Increased plasma endothelin in cirrhosis. Relationship with systemic endotoxemia and response to changes in effective blood volume

J Hepatol. 1995 Apr;22(4):389-98. doi: 10.1016/0168-8278(95)80100-6.


Background/aims: Patients with cirrhosis and ascites show high plasma concentrations of endothelin. The aim of the current study was to investigate whether this feature is a compensatory response to effective hypovolemia or a consequence of systemic endotoxemia.

Methods: Protocols 1 and 2 assess the effect of acute changes in effective blood volume on plasma endothelin, and protocol 3 investigates the relationship between plasma endotoxin and endothelin in patients with cirrhosis and ascites. Protocol 1 included nine healthy subjects and 26 patients with cirrhosis studied during supine rest, upright tilt (which decreases effective blood volume) and cycloergometric exercise (which activates vasoactive systems by a baroreceptor independent mechanism). Protocol 2 included six patients studied before and 1 and 3 h after the intravenous administration of a plasma expander. In protocol 3, the plasma levels of endothelin and endotoxin were measured in 17 non-infected patients with cirrhosis and also in four patients with spontaneous bacterial peritonitis at diagnosis and following resolution of infection.

Results: Plasma endothelin was 3-5 times higher in patients with cirrhosis than in healthy volunteers. In healthy subjects, upright tilt and exercise were associated with a significant activation of the renin-aldosterone and sympathetic nervous systems and an increase in plasma endothelin. In patients with cirrhosis, upright tilt and exercise were associated with a significant increase and plasma volume expansion with a marked suppression of the renin-aldosterone and sympathetic nervous systems. However, in these patients none of these maneuvers affected plasma endothelin levels. In the patients with cirrhosis in protocol 3, there was no correlation between plasma endotoxin and endothelin. Resolution of peritonitis was associated with a marked fall in plasma endotoxin and no changes in plasma endothelin.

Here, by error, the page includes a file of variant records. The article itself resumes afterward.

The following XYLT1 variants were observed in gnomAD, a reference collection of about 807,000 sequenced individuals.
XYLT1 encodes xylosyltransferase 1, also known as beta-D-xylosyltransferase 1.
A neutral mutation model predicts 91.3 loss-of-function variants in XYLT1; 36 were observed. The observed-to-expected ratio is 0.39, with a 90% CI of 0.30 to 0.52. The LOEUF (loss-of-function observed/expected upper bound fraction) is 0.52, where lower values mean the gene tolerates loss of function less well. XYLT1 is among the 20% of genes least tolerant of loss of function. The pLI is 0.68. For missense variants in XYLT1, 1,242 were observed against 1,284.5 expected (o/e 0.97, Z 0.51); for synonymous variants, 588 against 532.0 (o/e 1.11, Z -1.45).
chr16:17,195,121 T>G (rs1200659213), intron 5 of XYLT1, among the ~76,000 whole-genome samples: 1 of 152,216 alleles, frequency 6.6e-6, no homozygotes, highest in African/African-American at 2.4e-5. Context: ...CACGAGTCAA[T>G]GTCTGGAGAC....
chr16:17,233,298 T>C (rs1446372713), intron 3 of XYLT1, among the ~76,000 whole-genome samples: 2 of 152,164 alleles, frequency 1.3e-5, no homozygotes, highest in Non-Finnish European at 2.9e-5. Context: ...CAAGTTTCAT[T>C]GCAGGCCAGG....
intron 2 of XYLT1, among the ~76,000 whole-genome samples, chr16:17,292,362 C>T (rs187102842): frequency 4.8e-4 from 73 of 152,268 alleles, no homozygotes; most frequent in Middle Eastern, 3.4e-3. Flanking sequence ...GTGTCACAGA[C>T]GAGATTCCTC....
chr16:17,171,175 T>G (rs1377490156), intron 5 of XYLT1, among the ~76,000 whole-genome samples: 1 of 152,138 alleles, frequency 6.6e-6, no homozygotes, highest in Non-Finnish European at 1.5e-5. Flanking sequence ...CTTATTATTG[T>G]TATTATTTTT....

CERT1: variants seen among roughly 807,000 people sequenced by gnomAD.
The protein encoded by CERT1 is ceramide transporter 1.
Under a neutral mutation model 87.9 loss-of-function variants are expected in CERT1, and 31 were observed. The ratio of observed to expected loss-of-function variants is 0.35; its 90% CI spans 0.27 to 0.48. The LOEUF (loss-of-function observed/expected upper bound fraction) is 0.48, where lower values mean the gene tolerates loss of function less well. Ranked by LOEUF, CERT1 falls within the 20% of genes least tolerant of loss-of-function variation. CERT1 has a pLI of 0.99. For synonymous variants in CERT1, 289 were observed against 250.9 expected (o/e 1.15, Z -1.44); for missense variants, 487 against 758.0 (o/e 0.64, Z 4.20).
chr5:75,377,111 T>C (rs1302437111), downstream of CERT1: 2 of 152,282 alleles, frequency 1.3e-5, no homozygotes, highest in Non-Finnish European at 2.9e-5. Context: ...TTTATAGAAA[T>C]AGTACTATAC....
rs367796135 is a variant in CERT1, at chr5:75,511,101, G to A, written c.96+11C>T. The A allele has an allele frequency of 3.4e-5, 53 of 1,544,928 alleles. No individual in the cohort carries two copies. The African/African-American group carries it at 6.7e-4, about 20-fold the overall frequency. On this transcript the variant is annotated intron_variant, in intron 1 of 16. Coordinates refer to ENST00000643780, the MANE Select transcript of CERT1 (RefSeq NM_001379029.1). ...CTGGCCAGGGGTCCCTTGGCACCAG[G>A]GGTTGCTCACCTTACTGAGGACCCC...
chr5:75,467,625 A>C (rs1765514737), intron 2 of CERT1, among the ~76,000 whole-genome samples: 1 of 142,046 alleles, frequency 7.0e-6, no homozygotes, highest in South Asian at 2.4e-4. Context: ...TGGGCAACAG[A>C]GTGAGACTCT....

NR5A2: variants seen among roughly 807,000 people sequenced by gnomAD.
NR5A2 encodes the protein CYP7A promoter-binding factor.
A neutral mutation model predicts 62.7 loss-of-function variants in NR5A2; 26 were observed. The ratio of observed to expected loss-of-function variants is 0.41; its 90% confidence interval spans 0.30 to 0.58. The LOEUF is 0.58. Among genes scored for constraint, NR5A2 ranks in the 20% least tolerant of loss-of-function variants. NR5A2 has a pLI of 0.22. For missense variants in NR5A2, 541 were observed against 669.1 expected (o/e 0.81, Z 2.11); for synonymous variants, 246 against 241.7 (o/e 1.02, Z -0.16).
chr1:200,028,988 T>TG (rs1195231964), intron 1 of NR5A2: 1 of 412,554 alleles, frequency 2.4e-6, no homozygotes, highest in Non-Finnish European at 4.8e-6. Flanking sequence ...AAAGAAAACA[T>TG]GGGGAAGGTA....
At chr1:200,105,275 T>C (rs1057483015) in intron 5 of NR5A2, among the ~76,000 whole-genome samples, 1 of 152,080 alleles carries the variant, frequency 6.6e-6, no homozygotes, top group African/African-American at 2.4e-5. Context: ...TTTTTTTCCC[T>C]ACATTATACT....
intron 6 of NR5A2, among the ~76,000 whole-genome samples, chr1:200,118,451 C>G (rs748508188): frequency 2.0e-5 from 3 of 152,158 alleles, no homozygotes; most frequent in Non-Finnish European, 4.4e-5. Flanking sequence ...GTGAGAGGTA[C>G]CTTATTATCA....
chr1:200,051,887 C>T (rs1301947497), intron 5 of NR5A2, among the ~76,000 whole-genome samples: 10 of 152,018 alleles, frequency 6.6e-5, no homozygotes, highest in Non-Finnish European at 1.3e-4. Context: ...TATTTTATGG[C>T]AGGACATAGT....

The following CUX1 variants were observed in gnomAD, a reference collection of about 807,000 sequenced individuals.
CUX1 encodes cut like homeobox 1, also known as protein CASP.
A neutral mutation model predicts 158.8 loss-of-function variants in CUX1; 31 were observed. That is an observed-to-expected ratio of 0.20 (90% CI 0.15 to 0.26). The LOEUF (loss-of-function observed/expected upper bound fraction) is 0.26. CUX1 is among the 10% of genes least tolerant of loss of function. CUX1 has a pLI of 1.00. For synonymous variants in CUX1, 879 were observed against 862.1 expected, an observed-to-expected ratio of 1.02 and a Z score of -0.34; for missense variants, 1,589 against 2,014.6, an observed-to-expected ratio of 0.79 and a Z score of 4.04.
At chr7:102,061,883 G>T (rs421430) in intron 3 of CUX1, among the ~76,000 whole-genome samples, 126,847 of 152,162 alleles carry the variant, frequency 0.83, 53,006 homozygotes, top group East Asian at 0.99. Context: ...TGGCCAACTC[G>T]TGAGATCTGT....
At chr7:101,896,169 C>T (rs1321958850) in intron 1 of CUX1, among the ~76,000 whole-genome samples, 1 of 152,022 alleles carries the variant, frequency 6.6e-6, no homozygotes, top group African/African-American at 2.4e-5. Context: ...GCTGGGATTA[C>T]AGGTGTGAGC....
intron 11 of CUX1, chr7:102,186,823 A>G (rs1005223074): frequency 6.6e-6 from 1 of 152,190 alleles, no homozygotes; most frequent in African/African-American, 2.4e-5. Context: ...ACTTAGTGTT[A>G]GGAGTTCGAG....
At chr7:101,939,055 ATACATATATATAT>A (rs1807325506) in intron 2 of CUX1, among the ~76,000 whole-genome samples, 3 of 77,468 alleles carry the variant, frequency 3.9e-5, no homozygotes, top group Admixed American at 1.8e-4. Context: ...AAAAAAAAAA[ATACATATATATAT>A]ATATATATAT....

Conclusions: These findings suggest that mechanisms other than effective hypovolemia or systemic endotoxemia are involved in the increased plasma endothelin of cirrhosis with ascites.

Publication types

  • Research Support, Non-U.S. Gov't

MeSH terms

  • Blood Volume*
  • Endothelins / blood*
  • Endotoxins / blood*
  • Exercise Test
  • Female
  • Head-Down Tilt
  • Hemodynamics
  • Humans
  • Liver Cirrhosis / blood*
  • Liver Cirrhosis / physiopathology*
  • Male
  • Middle Aged
  • Reference Values
  • Renin-Angiotensin System
  • Rest
  • Supine Position
  • Sympathetic Nervous System / physiopathology


  • Endothelins
  • Endotoxins